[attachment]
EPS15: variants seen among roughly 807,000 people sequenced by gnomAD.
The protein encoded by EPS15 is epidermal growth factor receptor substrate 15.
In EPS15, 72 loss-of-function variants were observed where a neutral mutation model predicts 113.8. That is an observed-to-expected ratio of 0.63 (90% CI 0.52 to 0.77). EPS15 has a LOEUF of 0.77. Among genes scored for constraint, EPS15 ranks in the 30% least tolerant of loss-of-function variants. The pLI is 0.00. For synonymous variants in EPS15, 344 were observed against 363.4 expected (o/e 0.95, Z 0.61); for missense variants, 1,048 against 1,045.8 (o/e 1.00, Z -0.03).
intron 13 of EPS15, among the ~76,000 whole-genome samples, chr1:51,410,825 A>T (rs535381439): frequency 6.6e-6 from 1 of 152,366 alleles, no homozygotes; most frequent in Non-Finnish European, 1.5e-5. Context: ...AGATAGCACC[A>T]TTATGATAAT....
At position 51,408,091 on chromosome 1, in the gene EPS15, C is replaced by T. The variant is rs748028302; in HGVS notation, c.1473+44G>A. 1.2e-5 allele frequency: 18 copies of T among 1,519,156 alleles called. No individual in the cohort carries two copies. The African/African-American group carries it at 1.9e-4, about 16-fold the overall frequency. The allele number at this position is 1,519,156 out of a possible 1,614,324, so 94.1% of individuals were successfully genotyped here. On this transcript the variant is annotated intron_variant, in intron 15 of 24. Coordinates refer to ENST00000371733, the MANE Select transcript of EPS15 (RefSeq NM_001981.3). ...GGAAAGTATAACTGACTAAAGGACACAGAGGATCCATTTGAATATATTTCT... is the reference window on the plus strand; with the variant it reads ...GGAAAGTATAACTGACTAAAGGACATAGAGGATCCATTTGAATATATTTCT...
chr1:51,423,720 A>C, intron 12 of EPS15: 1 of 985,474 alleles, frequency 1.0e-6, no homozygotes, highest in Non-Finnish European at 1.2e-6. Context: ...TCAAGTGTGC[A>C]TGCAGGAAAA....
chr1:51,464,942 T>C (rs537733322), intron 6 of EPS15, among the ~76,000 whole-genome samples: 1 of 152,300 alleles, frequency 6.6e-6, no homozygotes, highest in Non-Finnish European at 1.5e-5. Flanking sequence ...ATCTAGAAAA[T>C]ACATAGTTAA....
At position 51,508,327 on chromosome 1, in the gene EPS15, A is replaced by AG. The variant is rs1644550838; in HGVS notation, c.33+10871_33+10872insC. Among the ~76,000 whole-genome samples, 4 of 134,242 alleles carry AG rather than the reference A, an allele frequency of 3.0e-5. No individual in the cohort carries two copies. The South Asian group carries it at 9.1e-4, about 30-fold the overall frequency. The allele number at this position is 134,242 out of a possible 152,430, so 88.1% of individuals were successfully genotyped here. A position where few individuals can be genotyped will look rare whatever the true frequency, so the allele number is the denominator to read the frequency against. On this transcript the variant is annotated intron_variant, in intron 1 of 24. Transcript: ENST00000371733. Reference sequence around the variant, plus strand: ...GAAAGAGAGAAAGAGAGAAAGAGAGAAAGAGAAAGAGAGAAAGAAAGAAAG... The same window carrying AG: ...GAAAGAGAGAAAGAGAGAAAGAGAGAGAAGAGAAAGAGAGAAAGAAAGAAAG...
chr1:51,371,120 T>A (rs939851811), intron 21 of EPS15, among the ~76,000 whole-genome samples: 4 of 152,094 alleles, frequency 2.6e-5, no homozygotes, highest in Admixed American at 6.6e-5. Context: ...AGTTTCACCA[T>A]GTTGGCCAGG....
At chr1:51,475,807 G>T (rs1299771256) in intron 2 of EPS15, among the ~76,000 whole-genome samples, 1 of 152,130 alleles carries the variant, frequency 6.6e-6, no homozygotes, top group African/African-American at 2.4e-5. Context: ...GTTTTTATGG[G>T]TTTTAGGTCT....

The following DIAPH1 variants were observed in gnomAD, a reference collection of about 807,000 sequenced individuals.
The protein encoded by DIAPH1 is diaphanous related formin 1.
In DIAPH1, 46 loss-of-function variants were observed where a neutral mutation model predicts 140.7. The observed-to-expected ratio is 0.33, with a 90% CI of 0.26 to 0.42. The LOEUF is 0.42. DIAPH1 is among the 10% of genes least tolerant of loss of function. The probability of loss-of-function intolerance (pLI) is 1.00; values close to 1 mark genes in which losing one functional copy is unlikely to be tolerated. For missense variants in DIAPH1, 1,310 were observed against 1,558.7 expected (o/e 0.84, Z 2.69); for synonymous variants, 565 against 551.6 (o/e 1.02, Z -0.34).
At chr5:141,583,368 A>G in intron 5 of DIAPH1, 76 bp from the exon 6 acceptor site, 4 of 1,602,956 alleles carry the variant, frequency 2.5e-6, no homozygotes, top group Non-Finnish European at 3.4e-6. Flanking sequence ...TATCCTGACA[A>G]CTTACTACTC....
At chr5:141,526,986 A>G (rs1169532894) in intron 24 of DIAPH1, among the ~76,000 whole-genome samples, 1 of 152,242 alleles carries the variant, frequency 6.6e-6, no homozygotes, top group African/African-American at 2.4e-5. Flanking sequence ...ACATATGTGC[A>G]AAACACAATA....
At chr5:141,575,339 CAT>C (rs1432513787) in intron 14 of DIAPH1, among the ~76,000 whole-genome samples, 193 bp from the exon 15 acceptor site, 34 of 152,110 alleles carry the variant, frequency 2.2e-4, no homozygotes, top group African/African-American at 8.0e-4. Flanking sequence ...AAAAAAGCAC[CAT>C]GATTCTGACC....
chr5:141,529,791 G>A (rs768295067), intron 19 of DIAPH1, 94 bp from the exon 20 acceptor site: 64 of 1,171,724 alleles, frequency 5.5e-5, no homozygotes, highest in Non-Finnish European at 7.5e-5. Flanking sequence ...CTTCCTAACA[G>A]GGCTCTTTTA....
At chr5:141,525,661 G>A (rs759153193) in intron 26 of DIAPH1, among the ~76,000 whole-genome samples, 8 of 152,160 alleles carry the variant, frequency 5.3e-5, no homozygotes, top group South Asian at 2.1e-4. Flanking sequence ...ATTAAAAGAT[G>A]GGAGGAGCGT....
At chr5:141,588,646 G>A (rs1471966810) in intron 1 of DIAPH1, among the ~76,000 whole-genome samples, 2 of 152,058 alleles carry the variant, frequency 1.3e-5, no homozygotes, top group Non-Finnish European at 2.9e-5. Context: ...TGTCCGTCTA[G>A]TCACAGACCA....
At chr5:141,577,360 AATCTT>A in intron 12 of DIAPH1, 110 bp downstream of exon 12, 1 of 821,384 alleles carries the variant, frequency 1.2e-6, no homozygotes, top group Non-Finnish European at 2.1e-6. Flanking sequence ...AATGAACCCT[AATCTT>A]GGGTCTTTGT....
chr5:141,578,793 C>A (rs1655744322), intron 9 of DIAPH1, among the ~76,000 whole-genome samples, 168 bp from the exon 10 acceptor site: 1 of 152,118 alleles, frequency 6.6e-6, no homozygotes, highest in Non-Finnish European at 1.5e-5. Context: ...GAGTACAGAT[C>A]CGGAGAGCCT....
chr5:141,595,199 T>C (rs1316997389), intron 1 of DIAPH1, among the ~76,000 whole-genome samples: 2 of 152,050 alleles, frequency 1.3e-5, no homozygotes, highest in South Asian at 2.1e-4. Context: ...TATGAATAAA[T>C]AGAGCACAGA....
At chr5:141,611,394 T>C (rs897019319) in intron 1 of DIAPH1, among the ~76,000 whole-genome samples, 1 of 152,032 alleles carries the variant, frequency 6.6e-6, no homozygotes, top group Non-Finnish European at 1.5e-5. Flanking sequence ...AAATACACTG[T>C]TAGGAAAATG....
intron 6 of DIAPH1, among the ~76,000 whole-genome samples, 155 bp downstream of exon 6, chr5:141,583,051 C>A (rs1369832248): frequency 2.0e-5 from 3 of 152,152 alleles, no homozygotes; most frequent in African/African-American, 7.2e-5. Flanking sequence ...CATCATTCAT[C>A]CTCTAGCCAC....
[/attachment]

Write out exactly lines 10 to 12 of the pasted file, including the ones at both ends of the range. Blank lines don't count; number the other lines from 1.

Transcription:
At chr1:51,475,807 G>T (rs1299771256) in intron 2 of EPS15, among the ~76,000 whole-genome samples, 1 of 152,130 alleles carries the variant, frequency 6.6e-6, no homozygotes, top group African/African-American at 2.4e-5. Context: ...GTTTTTATGG[G>T]TTTTAGGTCT....

The following DIAPH1 variants were observed in gnomAD, a reference collection of about 807,000 sequenced individuals.
The protein encoded by DIAPH1 is diaphanous related formin 1.